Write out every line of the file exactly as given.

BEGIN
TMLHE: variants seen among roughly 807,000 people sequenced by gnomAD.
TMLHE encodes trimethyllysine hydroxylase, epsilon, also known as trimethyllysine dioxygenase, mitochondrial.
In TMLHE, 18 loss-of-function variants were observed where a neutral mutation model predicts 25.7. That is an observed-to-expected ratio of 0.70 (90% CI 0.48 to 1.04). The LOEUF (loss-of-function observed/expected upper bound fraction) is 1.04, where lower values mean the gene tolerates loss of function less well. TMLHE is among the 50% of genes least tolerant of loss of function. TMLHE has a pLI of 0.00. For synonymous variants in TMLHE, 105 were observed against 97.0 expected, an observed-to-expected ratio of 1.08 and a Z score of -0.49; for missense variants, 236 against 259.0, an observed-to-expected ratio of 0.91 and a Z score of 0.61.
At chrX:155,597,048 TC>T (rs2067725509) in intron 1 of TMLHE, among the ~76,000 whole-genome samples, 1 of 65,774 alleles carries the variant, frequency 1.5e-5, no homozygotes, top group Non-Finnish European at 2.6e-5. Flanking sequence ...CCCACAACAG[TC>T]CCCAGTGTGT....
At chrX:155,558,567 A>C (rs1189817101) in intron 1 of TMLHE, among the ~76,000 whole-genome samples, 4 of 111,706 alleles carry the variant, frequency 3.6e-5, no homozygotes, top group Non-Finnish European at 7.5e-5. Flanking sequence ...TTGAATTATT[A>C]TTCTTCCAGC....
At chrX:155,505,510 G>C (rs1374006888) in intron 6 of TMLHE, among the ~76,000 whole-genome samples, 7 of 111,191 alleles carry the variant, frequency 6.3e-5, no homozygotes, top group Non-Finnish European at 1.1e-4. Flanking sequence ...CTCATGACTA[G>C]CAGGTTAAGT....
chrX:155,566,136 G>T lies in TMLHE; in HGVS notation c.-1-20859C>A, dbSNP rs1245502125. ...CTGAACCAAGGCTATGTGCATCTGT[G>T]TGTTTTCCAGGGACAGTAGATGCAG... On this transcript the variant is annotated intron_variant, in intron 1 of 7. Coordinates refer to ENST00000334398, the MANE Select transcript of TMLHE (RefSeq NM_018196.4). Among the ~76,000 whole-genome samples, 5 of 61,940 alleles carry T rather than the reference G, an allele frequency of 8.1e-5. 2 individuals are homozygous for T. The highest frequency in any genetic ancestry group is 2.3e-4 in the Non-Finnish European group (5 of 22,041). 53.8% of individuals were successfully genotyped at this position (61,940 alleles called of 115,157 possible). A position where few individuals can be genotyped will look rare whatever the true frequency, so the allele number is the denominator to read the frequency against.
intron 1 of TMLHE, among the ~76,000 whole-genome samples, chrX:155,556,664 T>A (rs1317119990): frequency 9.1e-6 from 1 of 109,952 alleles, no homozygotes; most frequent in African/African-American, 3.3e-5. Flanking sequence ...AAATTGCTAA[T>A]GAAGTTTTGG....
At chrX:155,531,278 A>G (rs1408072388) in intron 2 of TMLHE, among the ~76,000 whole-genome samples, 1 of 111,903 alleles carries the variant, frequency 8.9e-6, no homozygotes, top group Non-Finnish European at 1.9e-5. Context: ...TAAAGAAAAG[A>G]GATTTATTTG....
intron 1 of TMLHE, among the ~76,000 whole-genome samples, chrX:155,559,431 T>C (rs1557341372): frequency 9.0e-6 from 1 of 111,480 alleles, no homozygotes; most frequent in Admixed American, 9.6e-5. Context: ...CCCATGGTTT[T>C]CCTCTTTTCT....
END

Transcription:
TMLHE: variants seen among roughly 807,000 people sequenced by gnomAD.
TMLHE encodes trimethyllysine hydroxylase, epsilon, also known as trimethyllysine dioxygenase, mitochondrial.
In TMLHE, 18 loss-of-function variants were observed where a neutral mutation model predicts 25.7. That is an observed-to-expected ratio of 0.70 (90% CI 0.48 to 1.04). The LOEUF (loss-of-function observed/expected upper bound fraction) is 1.04, where lower values mean the gene tolerates loss of function less well. TMLHE is among the 50% of genes least tolerant of loss of function. TMLHE has a pLI of 0.00. For synonymous variants in TMLHE, 105 were observed against 97.0 expected, an observed-to-expected ratio of 1.08 and a Z score of -0.49; for missense variants, 236 against 259.0, an observed-to-expected ratio of 0.91 and a Z score of 0.61.
At chrX:155,597,048 TC>T (rs2067725509) in intron 1 of TMLHE, among the ~76,000 whole-genome samples, 1 of 65,774 alleles carries the variant, frequency 1.5e-5, no homozygotes, top group Non-Finnish European at 2.6e-5. Flanking sequence ...CCCACAACAG[TC>T]CCCAGTGTGT....
At chrX:155,558,567 A>C (rs1189817101) in intron 1 of TMLHE, among the ~76,000 whole-genome samples, 4 of 111,706 alleles carry the variant, frequency 3.6e-5, no homozygotes, top group Non-Finnish European at 7.5e-5. Flanking sequence ...TTGAATTATT[A>C]TTCTTCCAGC....
At chrX:155,505,510 G>C (rs1374006888) in intron 6 of TMLHE, among the ~76,000 whole-genome samples, 7 of 111,191 alleles carry the variant, frequency 6.3e-5, no homozygotes, top group Non-Finnish European at 1.1e-4. Flanking sequence ...CTCATGACTA[G>C]CAGGTTAAGT....
chrX:155,566,136 G>T lies in TMLHE; in HGVS notation c.-1-20859C>A, dbSNP rs1245502125. ...CTGAACCAAGGCTATGTGCATCTGT[G>T]TGTTTTCCAGGGACAGTAGATGCAG... On this transcript the variant is annotated intron_variant, in intron 1 of 7. Coordinates refer to ENST00000334398, the MANE Select transcript of TMLHE (RefSeq NM_018196.4). Among the ~76,000 whole-genome samples, 5 of 61,940 alleles carry T rather than the reference G, an allele frequency of 8.1e-5. 2 individuals are homozygous for T. The highest frequency in any genetic ancestry group is 2.3e-4 in the Non-Finnish European group (5 of 22,041). 53.8% of individuals were successfully genotyped at this position (61,940 alleles called of 115,157 possible). A position where few individuals can be genotyped will look rare whatever the true frequency, so the allele number is the denominator to read the frequency against.
intron 1 of TMLHE, among the ~76,000 whole-genome samples, chrX:155,556,664 T>A (rs1317119990): frequency 9.1e-6 from 1 of 109,952 alleles, no homozygotes; most frequent in African/African-American, 3.3e-5. Flanking sequence ...AAATTGCTAA[T>A]GAAGTTTTGG....
At chrX:155,531,278 A>G (rs1408072388) in intron 2 of TMLHE, among the ~76,000 whole-genome samples, 1 of 111,903 alleles carries the variant, frequency 8.9e-6, no homozygotes, top group Non-Finnish European at 1.9e-5. Context: ...TAAAGAAAAG[A>G]GATTTATTTG....
intron 1 of TMLHE, among the ~76,000 whole-genome samples, chrX:155,559,431 T>C (rs1557341372): frequency 9.0e-6 from 1 of 111,480 alleles, no homozygotes; most frequent in Admixed American, 9.6e-5. Context: ...CCCATGGTTT[T>C]CCTCTTTTCT....